Major to Career: Physical Education

In most educational systems, physical education (PE), also called physical training (PT) or gym in less progressive settings, is a course in the curriculum which utilizes learning in the cognitive, affective and psycho motor domains in a play or movement exploration setting. In the United States, it is almost always mandatory for students in elementary schools, and often for students in middle schools and high schools. The primary aim of physical education is to equip students with the knowledge, skills, capacities, and values along with the enthusiasm to maintain a healthy lifestyle into adulthood. Some schools also require physical education as a way to promote weight loss in students. Activities included in the program are designed to promote physical fitness, to develop motor skills, to instill knowledge and understanding of rules, concepts, and strategies, and to teach students to work as part of a team, or as individuals, in a wide variety of competitive activities.

Physical education majors prepare to teach physical education (PE) or to coach sports in public or private schools, kindergarten through twelfth grade (k-12). The Physical Education Teaching Minor prepares students to teach in the secondary school systems. Courses prepare students in basic sport and fitness skills, physical education classroom management, and physical education administration. Students learn to effectively promote lifelong fitness through physical activity and physical education administration. Students learn to effectively promote lifelong fitness through physical activity.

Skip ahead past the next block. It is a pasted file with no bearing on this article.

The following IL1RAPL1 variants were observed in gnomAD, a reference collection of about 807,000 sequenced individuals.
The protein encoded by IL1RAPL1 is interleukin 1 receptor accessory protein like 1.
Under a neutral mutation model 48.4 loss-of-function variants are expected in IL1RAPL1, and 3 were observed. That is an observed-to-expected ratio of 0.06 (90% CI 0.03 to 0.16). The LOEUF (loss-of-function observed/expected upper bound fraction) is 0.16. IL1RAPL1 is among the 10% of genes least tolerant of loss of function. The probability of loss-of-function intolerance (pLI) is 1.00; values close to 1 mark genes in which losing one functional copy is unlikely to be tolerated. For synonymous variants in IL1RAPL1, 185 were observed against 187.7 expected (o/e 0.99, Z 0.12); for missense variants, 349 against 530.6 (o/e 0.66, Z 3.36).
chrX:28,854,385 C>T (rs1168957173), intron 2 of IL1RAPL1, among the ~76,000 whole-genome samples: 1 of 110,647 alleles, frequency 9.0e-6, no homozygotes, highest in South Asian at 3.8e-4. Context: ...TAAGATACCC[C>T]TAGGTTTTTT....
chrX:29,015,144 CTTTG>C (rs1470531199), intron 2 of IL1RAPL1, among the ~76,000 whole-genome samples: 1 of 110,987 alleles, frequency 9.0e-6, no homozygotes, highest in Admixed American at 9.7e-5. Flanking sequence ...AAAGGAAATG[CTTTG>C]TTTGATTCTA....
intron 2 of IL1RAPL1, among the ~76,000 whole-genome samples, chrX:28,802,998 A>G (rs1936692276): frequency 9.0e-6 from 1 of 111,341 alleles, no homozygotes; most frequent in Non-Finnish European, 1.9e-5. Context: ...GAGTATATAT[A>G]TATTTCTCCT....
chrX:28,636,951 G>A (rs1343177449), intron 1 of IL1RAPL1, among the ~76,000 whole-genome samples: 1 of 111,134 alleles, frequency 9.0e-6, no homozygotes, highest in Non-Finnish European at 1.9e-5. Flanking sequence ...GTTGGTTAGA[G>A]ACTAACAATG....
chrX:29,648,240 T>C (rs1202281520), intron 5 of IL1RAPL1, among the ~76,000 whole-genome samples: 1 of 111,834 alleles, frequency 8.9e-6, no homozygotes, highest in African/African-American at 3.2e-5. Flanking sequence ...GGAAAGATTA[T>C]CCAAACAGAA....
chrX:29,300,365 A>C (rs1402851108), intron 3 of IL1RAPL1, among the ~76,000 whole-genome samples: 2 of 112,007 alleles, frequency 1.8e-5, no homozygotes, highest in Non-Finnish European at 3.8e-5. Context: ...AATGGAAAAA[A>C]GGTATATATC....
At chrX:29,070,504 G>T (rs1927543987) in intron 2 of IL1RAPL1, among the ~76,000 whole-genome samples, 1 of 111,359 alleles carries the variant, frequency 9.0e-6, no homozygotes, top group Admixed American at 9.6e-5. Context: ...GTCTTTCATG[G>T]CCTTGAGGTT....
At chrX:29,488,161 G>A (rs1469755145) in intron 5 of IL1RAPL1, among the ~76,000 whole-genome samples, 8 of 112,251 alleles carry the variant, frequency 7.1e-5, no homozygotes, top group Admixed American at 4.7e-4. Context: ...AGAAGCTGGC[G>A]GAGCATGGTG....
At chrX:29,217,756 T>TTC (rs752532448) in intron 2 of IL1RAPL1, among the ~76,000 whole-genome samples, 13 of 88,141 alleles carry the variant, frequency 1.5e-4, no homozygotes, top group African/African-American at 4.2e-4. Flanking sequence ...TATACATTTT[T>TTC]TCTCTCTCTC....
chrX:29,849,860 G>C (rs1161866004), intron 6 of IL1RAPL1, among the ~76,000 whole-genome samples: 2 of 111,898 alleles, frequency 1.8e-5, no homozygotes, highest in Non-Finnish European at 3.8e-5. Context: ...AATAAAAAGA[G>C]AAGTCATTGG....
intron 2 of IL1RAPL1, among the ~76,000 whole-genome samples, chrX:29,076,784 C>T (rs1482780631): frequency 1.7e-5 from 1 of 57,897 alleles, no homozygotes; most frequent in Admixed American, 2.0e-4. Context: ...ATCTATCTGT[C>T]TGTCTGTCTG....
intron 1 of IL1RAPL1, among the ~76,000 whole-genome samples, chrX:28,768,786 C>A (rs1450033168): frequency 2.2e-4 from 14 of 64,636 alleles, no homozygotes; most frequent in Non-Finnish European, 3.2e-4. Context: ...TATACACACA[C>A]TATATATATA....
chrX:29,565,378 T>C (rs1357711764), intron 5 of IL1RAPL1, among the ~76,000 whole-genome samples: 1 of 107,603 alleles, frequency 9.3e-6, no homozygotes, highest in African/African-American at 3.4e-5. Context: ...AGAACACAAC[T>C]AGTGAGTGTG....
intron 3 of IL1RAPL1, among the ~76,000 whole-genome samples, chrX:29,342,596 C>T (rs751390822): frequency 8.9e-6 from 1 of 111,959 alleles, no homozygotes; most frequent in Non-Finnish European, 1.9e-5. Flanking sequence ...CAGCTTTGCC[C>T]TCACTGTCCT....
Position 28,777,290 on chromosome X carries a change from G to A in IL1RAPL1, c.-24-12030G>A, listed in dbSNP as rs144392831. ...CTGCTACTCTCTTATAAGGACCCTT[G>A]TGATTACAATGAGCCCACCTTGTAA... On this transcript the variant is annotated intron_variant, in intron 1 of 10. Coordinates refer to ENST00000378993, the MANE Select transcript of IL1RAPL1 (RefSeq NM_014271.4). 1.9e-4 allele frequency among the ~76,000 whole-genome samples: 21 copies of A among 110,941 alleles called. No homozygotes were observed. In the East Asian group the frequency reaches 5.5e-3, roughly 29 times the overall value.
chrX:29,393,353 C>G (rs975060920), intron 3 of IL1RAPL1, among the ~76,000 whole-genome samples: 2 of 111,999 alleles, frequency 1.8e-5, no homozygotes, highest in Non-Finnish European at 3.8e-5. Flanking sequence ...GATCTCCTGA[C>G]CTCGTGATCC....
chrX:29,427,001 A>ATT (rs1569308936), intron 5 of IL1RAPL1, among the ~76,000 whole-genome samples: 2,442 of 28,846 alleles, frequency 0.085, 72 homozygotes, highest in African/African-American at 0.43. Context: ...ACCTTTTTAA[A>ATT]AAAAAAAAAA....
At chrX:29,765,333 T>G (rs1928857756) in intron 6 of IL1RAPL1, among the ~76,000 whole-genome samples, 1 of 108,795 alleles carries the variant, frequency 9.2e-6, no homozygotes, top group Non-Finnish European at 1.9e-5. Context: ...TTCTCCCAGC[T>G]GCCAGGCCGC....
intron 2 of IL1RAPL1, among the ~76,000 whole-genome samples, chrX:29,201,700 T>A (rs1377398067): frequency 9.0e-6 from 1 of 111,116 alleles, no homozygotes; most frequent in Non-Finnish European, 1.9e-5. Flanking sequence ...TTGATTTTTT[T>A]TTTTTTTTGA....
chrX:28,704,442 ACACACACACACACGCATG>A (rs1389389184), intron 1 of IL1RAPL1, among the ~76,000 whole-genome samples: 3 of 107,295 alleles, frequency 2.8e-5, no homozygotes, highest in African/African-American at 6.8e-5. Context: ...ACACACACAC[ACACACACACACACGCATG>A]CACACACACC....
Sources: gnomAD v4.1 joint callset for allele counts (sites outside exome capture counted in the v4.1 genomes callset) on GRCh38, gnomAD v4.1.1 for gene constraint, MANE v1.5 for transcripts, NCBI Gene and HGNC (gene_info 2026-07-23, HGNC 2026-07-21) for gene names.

As a PE major, you take general education courses during your first two years. Then you enroll in science courses that focus on how the human body is affected by exercise and sports and how performance can be improved. Other courses include child development, psychology, and curriculum and instruction, and you’ll have opportunities to work with children in supervised field settings. Although you will probably be required to take part in numerous recreational activities and sports, don’t expect to get much academic credit. At the end of most programs; you’ll do student teaching.

  • Helping people Sports and competition
  • Coaching
  • A sense of humor
  • Caring
  • Nurturing
  • Critical reading/thinking
  • Leadership
  • Persuading/influencing
  • Teamwork
  • Patience
  • Physical Stamina
  • Verbal Skills
  • Writing Skills

Middle School Teacher Secondary School Teacher Elementary School Teacher School Counselor School Administrator

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Contact Source:

College of Education and Human Development Academic Discovery Center

Location: Hinckley 309

Phone: 208-496-9850


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